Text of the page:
1. Wreybies
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    Wreybies The Ops Pops Operations Manager Staff Contest Administrator Supporter Contributor

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    What is this?

    Discussion in 'The Lounge' started by Wreybies, Apr 4, 2016.

    Re-watching Fury and I noticed the green tiled thingie there in the room. I see similar things in many films from Europe, especially in older, period buildings. Is this a heater or a wood-burning stove? They are always tiled. Is there a reason for that? And I think they're always only almost to the ceiling (could be wrong on that part). This one has like a little mantle shelf and looks very decorative. Mostly when I see them they are just a solid column that's tiled.

    [​IMG]
     
  2. GingerCoffee
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    GingerCoffee Web Surfer Girl Contributor

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    Antique wash stands look something like that but the tile is usually just a flat backboard. That one looks too deep.
     
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  3. Wreybies
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    Wreybies The Ops Pops Operations Manager Staff Contest Administrator Supporter Contributor

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    I found it. :) It's a masonry heater. It's like a fireplace, and it's made of stone or firebrick and tiled, but it's a separate unit, not necessarily built into the structure of the house like a hearth or fireplace.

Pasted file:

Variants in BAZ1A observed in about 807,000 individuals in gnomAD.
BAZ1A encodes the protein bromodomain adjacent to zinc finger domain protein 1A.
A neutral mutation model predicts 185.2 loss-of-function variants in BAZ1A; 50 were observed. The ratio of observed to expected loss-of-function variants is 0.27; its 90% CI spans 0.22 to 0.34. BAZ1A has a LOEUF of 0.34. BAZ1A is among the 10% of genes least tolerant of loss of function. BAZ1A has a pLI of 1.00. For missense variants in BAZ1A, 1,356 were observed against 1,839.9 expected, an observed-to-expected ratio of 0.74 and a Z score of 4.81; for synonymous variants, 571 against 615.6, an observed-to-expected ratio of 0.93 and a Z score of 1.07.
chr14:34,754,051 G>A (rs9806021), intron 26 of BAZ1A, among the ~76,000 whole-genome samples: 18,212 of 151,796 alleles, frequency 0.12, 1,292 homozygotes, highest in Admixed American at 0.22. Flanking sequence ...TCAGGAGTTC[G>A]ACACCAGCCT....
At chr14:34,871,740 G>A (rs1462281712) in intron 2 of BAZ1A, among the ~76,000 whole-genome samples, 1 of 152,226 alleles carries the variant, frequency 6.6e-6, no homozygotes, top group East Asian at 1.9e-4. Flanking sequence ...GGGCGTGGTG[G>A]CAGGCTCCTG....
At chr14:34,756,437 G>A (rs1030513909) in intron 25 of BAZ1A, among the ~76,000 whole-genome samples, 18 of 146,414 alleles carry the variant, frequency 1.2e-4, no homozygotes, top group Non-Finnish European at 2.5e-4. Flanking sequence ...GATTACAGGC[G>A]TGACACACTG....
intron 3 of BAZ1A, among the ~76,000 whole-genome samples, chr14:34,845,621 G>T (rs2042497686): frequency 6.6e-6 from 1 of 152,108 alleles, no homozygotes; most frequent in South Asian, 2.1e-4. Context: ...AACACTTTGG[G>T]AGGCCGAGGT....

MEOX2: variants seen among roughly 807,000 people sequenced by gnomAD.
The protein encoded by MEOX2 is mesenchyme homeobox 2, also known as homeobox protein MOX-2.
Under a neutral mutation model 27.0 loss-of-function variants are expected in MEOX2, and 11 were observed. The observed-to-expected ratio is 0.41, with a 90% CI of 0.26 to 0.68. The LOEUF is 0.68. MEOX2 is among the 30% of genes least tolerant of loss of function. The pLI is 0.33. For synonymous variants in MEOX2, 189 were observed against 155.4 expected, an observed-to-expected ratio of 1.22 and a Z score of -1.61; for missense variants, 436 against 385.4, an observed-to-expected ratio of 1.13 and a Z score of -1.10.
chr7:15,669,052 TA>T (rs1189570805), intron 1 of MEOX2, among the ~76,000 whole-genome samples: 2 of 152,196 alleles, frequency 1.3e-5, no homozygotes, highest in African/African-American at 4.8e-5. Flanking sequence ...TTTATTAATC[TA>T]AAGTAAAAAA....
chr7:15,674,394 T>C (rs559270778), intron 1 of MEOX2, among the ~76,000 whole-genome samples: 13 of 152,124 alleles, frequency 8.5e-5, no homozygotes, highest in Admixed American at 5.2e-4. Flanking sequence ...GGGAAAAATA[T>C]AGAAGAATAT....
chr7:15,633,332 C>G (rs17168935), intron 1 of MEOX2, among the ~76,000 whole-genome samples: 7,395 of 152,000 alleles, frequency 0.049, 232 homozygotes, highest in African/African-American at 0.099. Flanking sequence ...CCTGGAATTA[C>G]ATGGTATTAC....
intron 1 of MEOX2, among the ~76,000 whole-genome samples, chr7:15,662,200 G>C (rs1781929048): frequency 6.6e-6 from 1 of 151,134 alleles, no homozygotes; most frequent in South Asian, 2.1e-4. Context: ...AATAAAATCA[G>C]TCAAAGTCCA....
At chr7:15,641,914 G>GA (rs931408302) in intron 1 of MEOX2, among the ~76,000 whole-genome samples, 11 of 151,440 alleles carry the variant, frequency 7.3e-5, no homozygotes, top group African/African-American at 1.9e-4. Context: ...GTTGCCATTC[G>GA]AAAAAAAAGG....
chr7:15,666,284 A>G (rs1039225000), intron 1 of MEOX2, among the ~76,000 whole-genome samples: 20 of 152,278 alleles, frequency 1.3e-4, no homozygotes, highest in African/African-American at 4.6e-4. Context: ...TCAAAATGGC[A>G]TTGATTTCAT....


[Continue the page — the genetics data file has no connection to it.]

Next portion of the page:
I found a more modern example that still harkens back to the antique one in the original picture.

    [​IMG]

    Ones like this one, though, are what I more often see. Now it's pretty obvious to me what it is. I guess the fact that it didn't exit through the ceiling threw me off.

    [​IMG]
     
  4. GingerCoffee
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    GingerCoffee Web Surfer Girl Contributor

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    Antique ceramic stove heater looks to fit the bill.
     
  5. GingerCoffee
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    GingerCoffee Web Surfer Girl Contributor

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    Darn, ninja'd before I could post. :p
     
  6. Necronox
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    Necronox Active Member

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    We have those in Switzerland, the tiles warm up when you have a fire inside, usually enough for you to lean on and warm yourself up, but not enough to cause burning. Some have special compartments built into them where you can store thing to keep warm, in switzerland, we put a kind of slippers inside so when you put them on they are nice and warm.